EK: If I had to summarize everything in one word, it would be ‘ambivalence’. I would say there is a lot of writing, which if you had to summarise what it is trying to illuminate in one word, it would be ‘erasure,’ or ‘exclusion’, as in, this group of people is being excluded or oppressed by this social structure. I can write in that mode, but generally when I’m writing my solo work, the wisdom I offer is a deeper understanding of ambivalence. This is partly a function of the fieldsites I have chosen, places where there are significant resources put towards addressing structural inequality. I want to examine what happens when people are genuinely trying to do the right thing, and what I see are tensions and aporias. I aim to actually describe that accurately, to explain how it’s inherently contradictory, how there’s no escape. There is no answer. We just have these tensions.
I suppose I’m answering your question in this way because I am not trying to convince the reader to have a particular view. I don’t have a strong opinion really about anything to do with my fieldsites. For example, people are now collecting blood samples or saliva samples with what we currently believe is the correct model of consent: full, prior and informed. We expect and hope that, in the eyes of those who come after us, we will not have been wrong (to use the future perfect tense that Elizabeth Povinelli has taught me about). We hope that we will not have been wrong (and that hope is important). But I know that we will have been wrong in some way. And I suppose I come from that historical sensibility. I don’t know if its nihilistic or pessimistic or something else.. …but it’s what I’ve learned.
CT: As a reader you really get to experience that tension in the book, and because you share both glimpses of your personal journey with what is called ‘intergenerational trauma’ and the professional imperative of ‘listening’ to ghosts, this imparts a strong message of accountability. I really love the sense of surprise and satisfaction in the story where you cold-call a scientist who had collected an enormous number of blood samples – and he asks for your help! It cements the ambivalence around help and harm. Is that your favorite chapter?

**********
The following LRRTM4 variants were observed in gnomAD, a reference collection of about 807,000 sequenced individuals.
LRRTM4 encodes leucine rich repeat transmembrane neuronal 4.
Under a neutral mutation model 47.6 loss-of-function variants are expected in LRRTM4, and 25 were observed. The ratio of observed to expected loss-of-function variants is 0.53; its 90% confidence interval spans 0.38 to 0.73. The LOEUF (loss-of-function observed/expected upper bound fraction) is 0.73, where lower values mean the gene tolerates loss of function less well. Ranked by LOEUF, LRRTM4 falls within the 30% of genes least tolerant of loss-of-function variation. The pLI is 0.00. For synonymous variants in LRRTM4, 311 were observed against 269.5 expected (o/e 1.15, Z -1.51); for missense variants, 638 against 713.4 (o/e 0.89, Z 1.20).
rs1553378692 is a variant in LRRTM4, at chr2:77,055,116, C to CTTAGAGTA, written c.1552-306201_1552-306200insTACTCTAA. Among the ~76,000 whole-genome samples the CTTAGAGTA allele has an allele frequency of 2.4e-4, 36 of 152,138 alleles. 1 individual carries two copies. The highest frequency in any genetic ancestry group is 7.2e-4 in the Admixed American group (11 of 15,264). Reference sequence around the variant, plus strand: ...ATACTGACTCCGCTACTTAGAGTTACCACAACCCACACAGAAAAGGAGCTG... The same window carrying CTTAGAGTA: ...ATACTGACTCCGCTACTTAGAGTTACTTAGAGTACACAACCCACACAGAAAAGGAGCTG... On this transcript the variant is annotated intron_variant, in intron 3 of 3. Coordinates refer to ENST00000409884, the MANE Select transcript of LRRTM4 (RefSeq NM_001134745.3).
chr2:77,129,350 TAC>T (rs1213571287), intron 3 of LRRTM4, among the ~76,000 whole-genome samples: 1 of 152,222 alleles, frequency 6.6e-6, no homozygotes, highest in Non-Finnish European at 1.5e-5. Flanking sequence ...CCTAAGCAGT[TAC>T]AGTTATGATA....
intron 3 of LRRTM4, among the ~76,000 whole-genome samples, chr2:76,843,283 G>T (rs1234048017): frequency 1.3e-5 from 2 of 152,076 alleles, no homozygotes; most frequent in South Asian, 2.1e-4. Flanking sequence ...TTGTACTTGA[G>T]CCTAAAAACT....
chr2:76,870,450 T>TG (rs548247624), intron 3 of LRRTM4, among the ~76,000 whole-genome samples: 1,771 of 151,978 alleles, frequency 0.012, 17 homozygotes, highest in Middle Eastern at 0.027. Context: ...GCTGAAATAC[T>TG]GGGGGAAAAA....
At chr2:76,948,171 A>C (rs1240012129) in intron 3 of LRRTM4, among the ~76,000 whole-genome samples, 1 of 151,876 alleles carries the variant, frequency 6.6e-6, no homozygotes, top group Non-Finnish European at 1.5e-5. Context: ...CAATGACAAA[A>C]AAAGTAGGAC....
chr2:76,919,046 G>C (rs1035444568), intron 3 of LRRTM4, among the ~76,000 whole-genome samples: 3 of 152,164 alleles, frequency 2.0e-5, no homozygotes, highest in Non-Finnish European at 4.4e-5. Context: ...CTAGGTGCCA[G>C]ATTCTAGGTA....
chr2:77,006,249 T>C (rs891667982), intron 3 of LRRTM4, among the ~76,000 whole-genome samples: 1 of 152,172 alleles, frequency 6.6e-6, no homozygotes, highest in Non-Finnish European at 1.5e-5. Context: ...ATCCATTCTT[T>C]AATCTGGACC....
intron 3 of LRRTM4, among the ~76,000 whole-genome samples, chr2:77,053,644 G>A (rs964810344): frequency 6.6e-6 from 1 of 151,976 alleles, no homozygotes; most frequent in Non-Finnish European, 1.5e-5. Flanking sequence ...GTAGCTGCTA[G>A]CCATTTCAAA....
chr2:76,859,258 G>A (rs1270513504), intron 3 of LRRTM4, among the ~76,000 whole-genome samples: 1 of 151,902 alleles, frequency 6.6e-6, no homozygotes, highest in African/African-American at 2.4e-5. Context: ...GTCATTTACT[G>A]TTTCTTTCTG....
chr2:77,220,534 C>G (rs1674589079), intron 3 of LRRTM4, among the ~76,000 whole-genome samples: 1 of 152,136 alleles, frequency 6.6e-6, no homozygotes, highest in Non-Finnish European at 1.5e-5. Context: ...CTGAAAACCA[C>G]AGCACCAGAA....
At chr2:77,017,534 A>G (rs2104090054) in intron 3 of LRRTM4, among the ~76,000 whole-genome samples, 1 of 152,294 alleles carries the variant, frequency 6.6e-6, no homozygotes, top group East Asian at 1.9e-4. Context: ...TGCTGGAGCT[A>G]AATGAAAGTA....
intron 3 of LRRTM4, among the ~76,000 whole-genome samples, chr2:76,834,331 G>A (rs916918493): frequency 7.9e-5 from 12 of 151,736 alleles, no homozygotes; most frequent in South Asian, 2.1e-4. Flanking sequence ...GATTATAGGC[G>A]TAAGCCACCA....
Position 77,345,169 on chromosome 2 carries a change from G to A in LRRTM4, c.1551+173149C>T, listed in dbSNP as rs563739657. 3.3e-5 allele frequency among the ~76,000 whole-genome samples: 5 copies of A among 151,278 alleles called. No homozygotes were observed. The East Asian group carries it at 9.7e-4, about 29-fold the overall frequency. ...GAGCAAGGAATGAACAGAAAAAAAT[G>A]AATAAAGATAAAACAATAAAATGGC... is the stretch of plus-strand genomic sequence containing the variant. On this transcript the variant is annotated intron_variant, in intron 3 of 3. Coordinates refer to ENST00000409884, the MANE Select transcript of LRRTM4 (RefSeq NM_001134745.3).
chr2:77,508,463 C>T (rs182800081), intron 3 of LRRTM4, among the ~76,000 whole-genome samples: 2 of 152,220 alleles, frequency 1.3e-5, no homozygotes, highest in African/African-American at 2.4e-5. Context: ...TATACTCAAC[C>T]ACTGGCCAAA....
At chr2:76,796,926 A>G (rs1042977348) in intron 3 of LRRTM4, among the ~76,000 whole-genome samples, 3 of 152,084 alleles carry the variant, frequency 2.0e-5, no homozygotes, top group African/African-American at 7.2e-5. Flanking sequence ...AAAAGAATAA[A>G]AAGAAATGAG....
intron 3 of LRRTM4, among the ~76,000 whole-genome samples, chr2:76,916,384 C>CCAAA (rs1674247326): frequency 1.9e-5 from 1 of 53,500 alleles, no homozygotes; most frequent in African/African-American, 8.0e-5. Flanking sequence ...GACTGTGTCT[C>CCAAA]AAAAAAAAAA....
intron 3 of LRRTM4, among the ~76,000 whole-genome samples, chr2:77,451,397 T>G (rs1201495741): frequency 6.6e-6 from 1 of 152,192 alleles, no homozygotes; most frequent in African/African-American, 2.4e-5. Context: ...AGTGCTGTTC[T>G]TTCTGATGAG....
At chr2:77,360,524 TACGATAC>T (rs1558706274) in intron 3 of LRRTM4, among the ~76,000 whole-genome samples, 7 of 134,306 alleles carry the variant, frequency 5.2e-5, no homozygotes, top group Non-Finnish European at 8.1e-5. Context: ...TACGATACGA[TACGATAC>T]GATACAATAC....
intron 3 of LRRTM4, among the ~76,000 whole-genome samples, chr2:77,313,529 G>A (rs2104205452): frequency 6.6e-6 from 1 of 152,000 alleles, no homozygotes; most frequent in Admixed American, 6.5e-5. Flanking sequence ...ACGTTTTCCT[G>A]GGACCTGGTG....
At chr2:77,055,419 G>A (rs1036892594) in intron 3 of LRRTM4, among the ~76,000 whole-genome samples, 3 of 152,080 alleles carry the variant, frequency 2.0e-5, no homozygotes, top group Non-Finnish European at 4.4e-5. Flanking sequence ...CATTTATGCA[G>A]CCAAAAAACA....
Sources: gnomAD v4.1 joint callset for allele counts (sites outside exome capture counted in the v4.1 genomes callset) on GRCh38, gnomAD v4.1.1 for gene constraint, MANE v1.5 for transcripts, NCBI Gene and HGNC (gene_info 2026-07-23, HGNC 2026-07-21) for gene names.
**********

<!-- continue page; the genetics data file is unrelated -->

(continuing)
EK: (laughs) Well they’re all my favourites … they’re all my children that I love equally. I suppose, though, my firstborn is that chapter. That was a story that very literally had a haunting. Colin Mackenzie is the main dead white man of that chapter who started the Institute of Anatomy in Canberra. As I looked more into the story, I saw the film The Darkside by Warwick Thornton, one of our very best Indigenous filmmakers, that told me about Mackenzie’s haunting of Romaine Moreton. With that I had the beginning and the centre of gravity of the chapter. And it’s such a big chapter.
CT: How did you manage the size and scope of it?
EK: With that chapter, it just got bigger and bigger as I revised it and revised it. I feel like I’m asking a lot of the reader. I’ve submitted it to journals along the way, but it was almost too unwieldy to stand alone and reviewers could see that. I wasn’t able to tame it into a stand-alone article, and I didn’t want to tame it.
CT: I’m glad you didn’t, it seems to hold everything together? It feels ‘just right’!
EK: It works for a book because of its other supporting structures. The chapter has this very long arc – from the 20th century to the present and it deliberately takes us through a lot of the different disciplines that contributed to making biological knowledge about Indigenous people. The Baldwin Spencer chapter, the last chapter, is another favourite.
CT: How so?
EK: When I was researching it, very ghost-like things were happening, which is perfect for this book. Those moments in fieldwork, or a moment of encounter with an archive or the story when you’re like ‘Oh my god, this is perfect!’ are such a gift, almost a drug. It’s so addictive, when it happens, and it happens so seldomly.
CT: As I read I couldn’t help but long to see some references to the race science literature in South Africa. I think this stems from the impulse to cite everything and everyone – and I know it can hinder narrative flow if it isn’t done right. How do you make choices about citing this or that?
EK: I have a wonderful colleague and friend who said to me “you haven’t really cited me correctly you know”. I’d lumped them in with others in a way that was not fully accurate, and I was so glad that they told me and that I could address that. Of course, there will be people who feel annoyed if a citation to their work goes missing in the editing process, and that’s probably inevitable. But also, academia is a social field and it’s okay to have those relationships in mind when you make changes and include things.